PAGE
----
The first thing we consider when describing a wine is its fruit. We decide whether the fruits are light or dark, cooked or fresh, sweet or dry, and so on. An astounding range of scents can emerge from a glass of wine despite their common source, Vitis vinifera.
On Saturday night, for our final meal in Paris, we sat outdoors at a charming restaurant in the Latin Quarter. We didn’t recognize any producers on the their small but thoughtful wine list, and ordered a bottle of red from Pic-St-Loup in the Languedoc. It was fresh, very well-balanced, and delicious.
We’ve tasted a lot of wine over the past few weeks: 40 winemakers, three regions, and several hundred wines in all. Friday night, over Breton oysters and Muscadet in a Nantes brasserie, we made the “Best Of” list — “most memorable meal,” “most exciting new producer,” and “wine of the trip.”
We spend the morning putting finishing touches on three weeks of tasting notes. Over coffee we discuss the final lineup for next week’s Futures Issue, and catch the noon TGV from Nantes to Paris. At Montparnasse we take a cab to the Latin Quarter, where our rental host is waiting.
A morning drive through the Vallée de la Loire — sprawling fields of wheat and corn dotted with grain elevators and crumbling churches. Our first tasting is with a familiar Muscadet producer — pure and expressive wines showing far more complexity than most expect from the grape.
Sometimes we wonder why Michel Gros makes any white wine at all. The Gros family has lived for generations in Vosne-Romanée, a town that produces some of the finest red wines in the world; and his red Burgundies have won him acclaim for decades.
Coffee, toast, and a collection of homemade jams for breakfast this morning — back for a third time at the utterly pleasant Hotel Diderot in Chinon. Our first appointment is out in the fields east of Chinon; a young producer we discovered a few years ago when he had just started to bottle his own wines. This year’s crop is dense and lovely — pure, unoaked cabernet franc showing dark cherries and graphite.
We take our coffee in Amboise, near a bridge over the river Loire. Our first appointment is at 9am — a young energetic vigneron with only 3 hectares of vines, which he tends on the weekends. His wines are clear and crisp, all Chenin Blanc, both sec and demi-sec; we sample his pétillant-naturale (single fermentation sparkling wine).
Our 9am appointment this morning is in a sleepy town west of Pouilly-sur-Loire, still in the appellation of Pouilly-Fumé. The vingeron is absent, and his quiet, charming mother shows us his two wines. Both are excellent — round and rich and full of life. The first shows excellent weight and length; the second, an old vine cuvée made from vines planted “juste aprés la guerre,” is exceptional.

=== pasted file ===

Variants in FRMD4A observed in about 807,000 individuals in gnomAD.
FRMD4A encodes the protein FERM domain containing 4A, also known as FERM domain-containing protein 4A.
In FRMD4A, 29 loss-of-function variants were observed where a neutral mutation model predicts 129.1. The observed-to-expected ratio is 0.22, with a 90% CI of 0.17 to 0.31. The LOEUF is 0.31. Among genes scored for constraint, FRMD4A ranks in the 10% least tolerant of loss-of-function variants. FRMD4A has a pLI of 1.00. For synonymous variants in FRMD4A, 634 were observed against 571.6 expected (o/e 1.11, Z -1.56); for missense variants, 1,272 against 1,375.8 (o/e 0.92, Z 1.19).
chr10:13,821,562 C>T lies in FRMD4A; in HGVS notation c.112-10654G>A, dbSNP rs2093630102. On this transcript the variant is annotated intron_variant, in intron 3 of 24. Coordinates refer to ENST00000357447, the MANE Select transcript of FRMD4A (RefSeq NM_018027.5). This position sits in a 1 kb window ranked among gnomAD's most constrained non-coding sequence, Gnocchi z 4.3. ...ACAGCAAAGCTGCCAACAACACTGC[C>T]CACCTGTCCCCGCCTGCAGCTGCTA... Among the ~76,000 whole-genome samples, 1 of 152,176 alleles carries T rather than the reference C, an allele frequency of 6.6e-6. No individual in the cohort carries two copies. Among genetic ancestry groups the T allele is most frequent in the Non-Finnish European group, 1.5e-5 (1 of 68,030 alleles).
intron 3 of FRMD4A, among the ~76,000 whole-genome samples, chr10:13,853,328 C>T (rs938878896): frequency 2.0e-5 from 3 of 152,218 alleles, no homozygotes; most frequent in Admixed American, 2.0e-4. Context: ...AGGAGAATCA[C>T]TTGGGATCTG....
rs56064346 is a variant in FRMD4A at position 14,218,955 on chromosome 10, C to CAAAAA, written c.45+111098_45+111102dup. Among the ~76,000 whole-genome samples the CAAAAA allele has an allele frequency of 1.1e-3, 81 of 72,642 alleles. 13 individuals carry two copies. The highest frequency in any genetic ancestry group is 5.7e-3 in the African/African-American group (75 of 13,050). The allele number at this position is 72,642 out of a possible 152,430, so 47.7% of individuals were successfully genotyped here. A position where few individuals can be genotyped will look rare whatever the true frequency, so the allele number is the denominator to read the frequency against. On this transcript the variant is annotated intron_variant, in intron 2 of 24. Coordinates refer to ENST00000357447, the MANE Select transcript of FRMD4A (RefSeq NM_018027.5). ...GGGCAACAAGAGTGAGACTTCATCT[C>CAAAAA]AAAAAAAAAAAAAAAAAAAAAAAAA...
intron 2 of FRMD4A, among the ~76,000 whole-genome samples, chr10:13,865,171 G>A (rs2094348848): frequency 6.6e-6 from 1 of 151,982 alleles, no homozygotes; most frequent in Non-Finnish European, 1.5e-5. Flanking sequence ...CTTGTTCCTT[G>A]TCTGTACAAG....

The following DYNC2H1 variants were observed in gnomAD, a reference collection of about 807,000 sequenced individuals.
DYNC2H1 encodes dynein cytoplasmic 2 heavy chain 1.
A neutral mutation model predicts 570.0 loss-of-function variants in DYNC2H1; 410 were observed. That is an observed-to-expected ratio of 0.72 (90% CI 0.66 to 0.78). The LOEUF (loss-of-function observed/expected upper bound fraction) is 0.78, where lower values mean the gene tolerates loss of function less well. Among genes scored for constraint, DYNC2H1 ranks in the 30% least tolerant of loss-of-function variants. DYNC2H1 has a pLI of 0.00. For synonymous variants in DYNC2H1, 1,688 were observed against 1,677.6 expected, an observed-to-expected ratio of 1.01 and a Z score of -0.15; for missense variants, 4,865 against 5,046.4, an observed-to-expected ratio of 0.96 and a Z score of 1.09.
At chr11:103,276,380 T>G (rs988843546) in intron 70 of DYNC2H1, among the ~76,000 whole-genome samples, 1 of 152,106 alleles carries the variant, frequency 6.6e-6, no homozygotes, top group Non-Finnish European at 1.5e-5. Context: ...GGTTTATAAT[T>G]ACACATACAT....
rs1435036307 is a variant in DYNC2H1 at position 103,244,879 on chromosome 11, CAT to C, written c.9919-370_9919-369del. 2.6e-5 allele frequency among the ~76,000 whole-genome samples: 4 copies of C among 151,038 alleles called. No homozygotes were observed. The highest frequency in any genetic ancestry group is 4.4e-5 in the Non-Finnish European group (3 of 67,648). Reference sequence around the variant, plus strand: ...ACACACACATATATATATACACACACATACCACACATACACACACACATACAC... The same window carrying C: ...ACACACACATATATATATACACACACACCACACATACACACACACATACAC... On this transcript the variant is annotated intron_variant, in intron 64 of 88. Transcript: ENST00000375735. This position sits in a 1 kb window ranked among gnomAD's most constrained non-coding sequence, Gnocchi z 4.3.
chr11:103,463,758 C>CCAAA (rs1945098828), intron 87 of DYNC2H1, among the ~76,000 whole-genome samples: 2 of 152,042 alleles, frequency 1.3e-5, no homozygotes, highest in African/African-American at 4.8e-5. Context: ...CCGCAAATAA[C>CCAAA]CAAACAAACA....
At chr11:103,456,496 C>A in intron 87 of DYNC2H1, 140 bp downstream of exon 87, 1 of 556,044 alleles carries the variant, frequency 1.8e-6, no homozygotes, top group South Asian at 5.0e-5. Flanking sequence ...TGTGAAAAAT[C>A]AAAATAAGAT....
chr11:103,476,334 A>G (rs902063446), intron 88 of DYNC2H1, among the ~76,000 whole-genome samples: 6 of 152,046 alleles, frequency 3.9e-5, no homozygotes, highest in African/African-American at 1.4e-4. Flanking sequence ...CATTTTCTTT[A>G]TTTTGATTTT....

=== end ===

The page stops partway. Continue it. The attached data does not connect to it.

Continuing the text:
We spend our day off with a bit of sightseeing, and some catching up on email. A short trip north to the Reims Cathedral is well worth the drive. The massive gothic masterpiece, built in stages over thousands of years and carefully restored (with, of all things, Rockefeller funding) post WWI, is magnificent; as the French say, impressionant.
Wine writer Rajat Parr describes St. Aubin as the “insider’s white Burgundy.” Wedged in a valley between Chassagne and Puligny, this town produces white Burgundy with hints of Montrachet’s golden richness, but a less stratospheric price tag.
We leave Beaune this morning under cloudy skies. As the fog lifts and the drizzle clears, we drive northwest to Chablis, Burgundy’s satellite region. Our first appointment is en centre ville — a family producer of classic, mineral Chablis. The 2013s are perhaps the best they’ve made in recent memory, full of life and energy, and in perfect balance.
Last day in Burgundy. We head south on the highway towards Macon, back to the region where we once spent a year living. The softly rolling hills are covered in wheat, forests, and vines, and our car dips gently as we rise and fall with the rhythm of the countryside.
With a morning off from tastings, I take the car for a stretch up the Côte d’Or for photo collection. The soft morning sun quickly rises past the haze and clouds to paint a picture perfect blue sky above the shimmering green rows of vines. Many vignerons are in the fields this week — treating with insect deterrents, pruning the top canopies of the vines, and checking on the floraison.